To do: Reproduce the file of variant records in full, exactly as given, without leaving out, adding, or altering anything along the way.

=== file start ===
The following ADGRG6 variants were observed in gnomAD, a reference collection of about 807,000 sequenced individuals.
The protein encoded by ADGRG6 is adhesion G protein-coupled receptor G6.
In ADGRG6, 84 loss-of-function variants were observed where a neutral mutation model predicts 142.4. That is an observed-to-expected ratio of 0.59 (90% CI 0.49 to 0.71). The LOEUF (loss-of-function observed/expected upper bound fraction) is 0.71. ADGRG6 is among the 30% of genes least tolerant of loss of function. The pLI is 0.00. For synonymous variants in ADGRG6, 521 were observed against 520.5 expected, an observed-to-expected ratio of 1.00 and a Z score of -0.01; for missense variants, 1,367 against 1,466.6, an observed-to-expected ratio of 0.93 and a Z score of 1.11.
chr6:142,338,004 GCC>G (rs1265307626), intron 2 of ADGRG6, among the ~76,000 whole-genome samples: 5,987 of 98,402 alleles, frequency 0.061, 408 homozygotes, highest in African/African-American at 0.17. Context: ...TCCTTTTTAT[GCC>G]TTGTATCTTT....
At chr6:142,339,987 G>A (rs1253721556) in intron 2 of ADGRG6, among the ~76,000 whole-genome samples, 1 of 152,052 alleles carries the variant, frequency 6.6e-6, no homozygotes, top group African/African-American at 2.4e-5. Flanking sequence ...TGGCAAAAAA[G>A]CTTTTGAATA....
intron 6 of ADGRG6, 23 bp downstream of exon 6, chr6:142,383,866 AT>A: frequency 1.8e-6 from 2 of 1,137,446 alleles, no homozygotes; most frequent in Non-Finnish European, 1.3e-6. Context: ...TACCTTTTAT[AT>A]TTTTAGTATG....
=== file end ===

The following ADGRG6 variants were observed in gnomAD, a reference collection of about 807,000 sequenced individuals.
The protein encoded by ADGRG6 is adhesion G protein-coupled receptor G6.
In ADGRG6, 84 loss-of-function variants were observed where a neutral mutation model predicts 142.4. That is an observed-to-expected ratio of 0.59 (90% CI 0.49 to 0.71). The LOEUF (loss-of-function observed/expected upper bound fraction) is 0.71. ADGRG6 is among the 30% of genes least tolerant of loss of function. The pLI is 0.00. For synonymous variants in ADGRG6, 521 were observed against 520.5 expected, an observed-to-expected ratio of 1.00 and a Z score of -0.01; for missense variants, 1,367 against 1,466.6, an observed-to-expected ratio of 0.93 and a Z score of 1.11.
chr6:142,338,004 GCC>G (rs1265307626), intron 2 of ADGRG6, among the ~76,000 whole-genome samples: 5,987 of 98,402 alleles, frequency 0.061, 408 homozygotes, highest in African/African-American at 0.17. Context: ...TCCTTTTTAT[GCC>G]TTGTATCTTT....
At chr6:142,339,987 G>A (rs1253721556) in intron 2 of ADGRG6, among the ~76,000 whole-genome samples, 1 of 152,052 alleles carries the variant, frequency 6.6e-6, no homozygotes, top group African/African-American at 2.4e-5. Flanking sequence ...TGGCAAAAAA[G>A]CTTTTGAATA....
intron 6 of ADGRG6, 23 bp downstream of exon 6, chr6:142,383,866 AT>A: frequency 1.8e-6 from 2 of 1,137,446 alleles, no homozygotes; most frequent in Non-Finnish European, 1.3e-6. Context: ...TACCTTTTAT[AT>A]TTTTAGTATG....